Utah Health Breach Impact GrowsInvestigation Reveals Far More Were Affected
State officials in Utah now say nearly 182,000 Medicaid clients and Children's Health Insurance Plan recipients had their claims data compromised in a recent hacking incident that they originally believed affected only about 24,000 Medicaid claims.
See Also: IoT is Happening Now: Are You Prepared?
Authorities say that about 25,000 individuals' Social Security numbers were exposed in the data breach, which is believed to involve Eastern European hackers. Those victims will be offered a year's worth of free credit monitoring services.
"Initially, it appeared as though the hackers who broke into the server were able to remove 24,000 claims," according to a statement from the Utah Department of Health. "However, as the investigation progressed, the Utah Department of Technology Services determined the thieves actually removed 24,000 files. One single file can potentially contain claims information on hundreds of individuals."
Hacking incidents are relatively rare in healthcare. Since the HIPAA breach notification rule went into effect in September 2009, only about 7 percent of the more than 400 major breaches reported have involved hacking, Leon Rodriguez, director of the Department of Health and Human Services' Office for Civil Rights, said in a recent presentation.
In what appears to be the largest healthcare hacking incident reported under the breach notification rule, Seacoast Radiology in Rochester, N.H., notified 230,000 patients in January 2011 that their information had been exposed to hackers using a server to gain bandwidth to play a video game.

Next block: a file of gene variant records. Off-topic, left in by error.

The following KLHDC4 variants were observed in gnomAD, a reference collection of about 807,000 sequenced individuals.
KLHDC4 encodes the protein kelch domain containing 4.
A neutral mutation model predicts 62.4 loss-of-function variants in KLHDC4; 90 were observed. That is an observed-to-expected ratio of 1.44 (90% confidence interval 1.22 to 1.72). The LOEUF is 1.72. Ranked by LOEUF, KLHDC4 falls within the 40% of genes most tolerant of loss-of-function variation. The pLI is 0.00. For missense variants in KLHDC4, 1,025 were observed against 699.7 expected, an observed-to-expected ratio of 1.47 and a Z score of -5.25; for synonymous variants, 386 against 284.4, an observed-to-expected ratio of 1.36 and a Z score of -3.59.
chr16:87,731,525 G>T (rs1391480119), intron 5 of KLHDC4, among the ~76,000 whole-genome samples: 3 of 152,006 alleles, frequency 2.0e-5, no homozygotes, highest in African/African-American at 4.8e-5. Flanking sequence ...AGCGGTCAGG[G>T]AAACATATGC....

Hacking Incident Details
In the Utah incident, the compromised information was on a state server managed by the technology services department. "In this particular incident, a configuration error occurred at the authentication level, allowing the hacker to circumvent the security system," according to the Utah Department of Health's statement. "The Department of Technology Services has processes in place to ensure the state's data is secure, but this particular server was not configured according to normal procedure."
Officials have identified where the security breakdown occurred and have "implemented new processes to ensure this type of breach will not happen again," according to the statement. "Additional steps are being implemented to improve security controls related to the implementation of computer hardware and software, as well as increased network monitoring and intrusion detection capabilities."
In an earlier statement, authorities said the technology services department notified the health department April 2 that the data breach occurred March 30. That statement noted that claims may include client names, addresses, birth dates, Social Security numbers, physician's names, national provider identifiers, tax identification numbers and procedure codes designed for billing purposes (see: Hackers Access Medicaid Records).